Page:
Jadavpur University will fill 147 engineering seats left vacant after centralised admission process by conducting its own counselling.
The higher education department on Wednesday allowed JU to conduct decentralised counselling based on state JEE ranks, said an education department official.
Centralised counselling by the state JEE board ended in July and all 16 streams were left with empty seats.
About a fortnight ago, JU sought permission to fill up its vacant seats by conducting internal counselling. “Why would so many seats at JU remain vacant,” reasoned the interim VC of JU, Abhijit Chakrabarti.
The education department seemed to agree. “It’s not desirable that over 10 per cent seats in the state’s premier engineering institute would remain vacant,” said an education department official.
The university would soon post advertisement on its website and in dailies, asking candidates to contact the engineering faculty with their JEE rank cards.
“Even JU students who have taken admission can participate in the counselling, seeking a switch of stream. If students who have taken admission at other institutes get selected at JU, the candidates have to strike their names off the roll and seek fresh admission,” Chakrabarti said.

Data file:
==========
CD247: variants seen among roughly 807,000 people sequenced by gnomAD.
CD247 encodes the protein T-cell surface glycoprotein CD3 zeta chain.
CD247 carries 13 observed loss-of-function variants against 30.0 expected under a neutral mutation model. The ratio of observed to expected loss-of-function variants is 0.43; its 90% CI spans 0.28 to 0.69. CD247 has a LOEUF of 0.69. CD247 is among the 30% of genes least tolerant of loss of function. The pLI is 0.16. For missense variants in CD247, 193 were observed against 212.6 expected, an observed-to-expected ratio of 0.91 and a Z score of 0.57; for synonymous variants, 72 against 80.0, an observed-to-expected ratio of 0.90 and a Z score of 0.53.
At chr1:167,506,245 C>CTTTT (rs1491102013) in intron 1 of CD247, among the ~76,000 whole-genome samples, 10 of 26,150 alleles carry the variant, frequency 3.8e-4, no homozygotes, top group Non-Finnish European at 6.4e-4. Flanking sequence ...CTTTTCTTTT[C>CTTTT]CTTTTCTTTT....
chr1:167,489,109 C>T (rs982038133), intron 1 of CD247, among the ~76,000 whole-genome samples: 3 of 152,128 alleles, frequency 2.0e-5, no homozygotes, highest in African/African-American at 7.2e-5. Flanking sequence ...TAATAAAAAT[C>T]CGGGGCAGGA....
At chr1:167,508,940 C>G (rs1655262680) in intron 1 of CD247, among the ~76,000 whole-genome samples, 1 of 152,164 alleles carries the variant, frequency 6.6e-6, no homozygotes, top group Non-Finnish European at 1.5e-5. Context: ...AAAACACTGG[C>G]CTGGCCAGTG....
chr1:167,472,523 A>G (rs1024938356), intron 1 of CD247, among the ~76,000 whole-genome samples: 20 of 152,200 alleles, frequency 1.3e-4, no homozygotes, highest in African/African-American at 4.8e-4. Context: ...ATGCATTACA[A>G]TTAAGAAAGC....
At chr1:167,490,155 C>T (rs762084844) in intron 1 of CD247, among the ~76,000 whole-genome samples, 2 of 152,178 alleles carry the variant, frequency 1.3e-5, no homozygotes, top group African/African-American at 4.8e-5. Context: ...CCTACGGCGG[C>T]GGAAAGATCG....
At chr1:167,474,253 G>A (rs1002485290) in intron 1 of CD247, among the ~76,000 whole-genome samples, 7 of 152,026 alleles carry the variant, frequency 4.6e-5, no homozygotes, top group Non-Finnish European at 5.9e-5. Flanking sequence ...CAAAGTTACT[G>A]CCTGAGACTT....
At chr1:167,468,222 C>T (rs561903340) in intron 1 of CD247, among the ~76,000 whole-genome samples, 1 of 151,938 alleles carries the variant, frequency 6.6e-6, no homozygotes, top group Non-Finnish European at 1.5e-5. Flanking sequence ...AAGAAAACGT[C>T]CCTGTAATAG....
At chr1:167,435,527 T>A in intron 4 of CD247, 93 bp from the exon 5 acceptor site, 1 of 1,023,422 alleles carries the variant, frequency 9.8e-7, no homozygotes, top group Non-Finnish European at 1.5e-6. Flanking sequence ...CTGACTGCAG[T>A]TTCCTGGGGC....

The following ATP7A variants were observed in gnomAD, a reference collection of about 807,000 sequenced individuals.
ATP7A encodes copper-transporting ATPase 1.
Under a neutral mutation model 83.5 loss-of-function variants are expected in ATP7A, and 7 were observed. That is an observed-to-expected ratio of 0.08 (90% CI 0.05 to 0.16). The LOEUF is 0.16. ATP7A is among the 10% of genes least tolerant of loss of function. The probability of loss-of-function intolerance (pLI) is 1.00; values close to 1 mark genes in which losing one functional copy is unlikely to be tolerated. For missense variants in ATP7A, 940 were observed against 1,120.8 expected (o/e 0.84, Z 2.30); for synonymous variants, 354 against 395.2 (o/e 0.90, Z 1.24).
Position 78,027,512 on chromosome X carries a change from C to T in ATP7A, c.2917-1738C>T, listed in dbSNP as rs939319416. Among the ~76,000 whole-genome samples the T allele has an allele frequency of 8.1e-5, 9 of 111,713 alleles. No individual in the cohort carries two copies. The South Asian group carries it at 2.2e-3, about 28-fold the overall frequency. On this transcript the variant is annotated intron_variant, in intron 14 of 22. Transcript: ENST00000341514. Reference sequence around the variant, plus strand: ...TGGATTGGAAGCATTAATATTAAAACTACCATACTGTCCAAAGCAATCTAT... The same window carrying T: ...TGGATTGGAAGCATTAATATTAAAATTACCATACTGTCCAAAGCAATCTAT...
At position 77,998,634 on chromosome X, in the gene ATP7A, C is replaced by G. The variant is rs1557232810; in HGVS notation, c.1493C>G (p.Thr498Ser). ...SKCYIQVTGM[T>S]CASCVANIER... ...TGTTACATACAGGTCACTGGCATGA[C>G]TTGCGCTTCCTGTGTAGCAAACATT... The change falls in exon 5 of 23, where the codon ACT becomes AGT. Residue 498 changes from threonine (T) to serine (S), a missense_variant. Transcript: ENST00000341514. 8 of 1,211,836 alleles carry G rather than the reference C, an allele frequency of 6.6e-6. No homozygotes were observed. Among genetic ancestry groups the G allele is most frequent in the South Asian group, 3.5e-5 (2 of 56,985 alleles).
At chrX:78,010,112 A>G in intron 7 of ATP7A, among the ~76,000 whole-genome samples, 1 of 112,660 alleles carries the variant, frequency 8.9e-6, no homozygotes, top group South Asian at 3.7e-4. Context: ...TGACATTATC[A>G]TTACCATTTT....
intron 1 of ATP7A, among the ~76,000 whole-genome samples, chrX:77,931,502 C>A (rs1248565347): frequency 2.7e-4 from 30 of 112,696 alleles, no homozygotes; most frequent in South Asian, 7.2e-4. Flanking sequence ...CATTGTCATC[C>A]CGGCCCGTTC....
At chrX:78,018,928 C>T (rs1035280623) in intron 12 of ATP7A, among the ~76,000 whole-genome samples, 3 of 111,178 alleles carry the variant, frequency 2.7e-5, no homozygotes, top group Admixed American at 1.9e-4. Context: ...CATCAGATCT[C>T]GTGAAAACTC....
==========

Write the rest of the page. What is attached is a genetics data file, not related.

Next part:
All JEE rankers would be called in phases and counselling would end the moment the seats are filled up.
“The aspirant has to score 60 per cent marks each in physics, chemistry and maths in Higher Secondary or equivalent exams to be admitted,” the interim VC said.
The maximum number of vacancies are in civil engineering and chemical engineering — 18 and 17 seats respectively. In electronics and communication engineering, electrical engineering and computer science and engineering, there are 10, 9 and 5 vacant seats respectively.
The state recently allowed 80-odd private engineering colleges to hold decentralised counselling to admit students, considering either the state JEE or the JEE main ranks and other eligibility criteria.
A similar arrangement at JU has other engineering colleges worried of losing students to JU berth and ending up with empty seats.
The Association of Professional Academic Institutes (APAI), -representing private engineering colleges, said internal counselling at JU could have an impact.
“About 15,000 seats have remained vacant after decentralised counselling. If we lose candidates to JU, the colleges would face more crisis,” said Dhurjati Banerjee, the secretary of the association.
The education department official, however, dispelled the apprehension. “For 147 seats I don’t think other institutes should be scared,” he said.
In 2012, JU and (then) BESU had been asked by the state government to fill up seats based on Plus II marks. Both institutes had rejected the proposal, saying it would compromise with academic standard.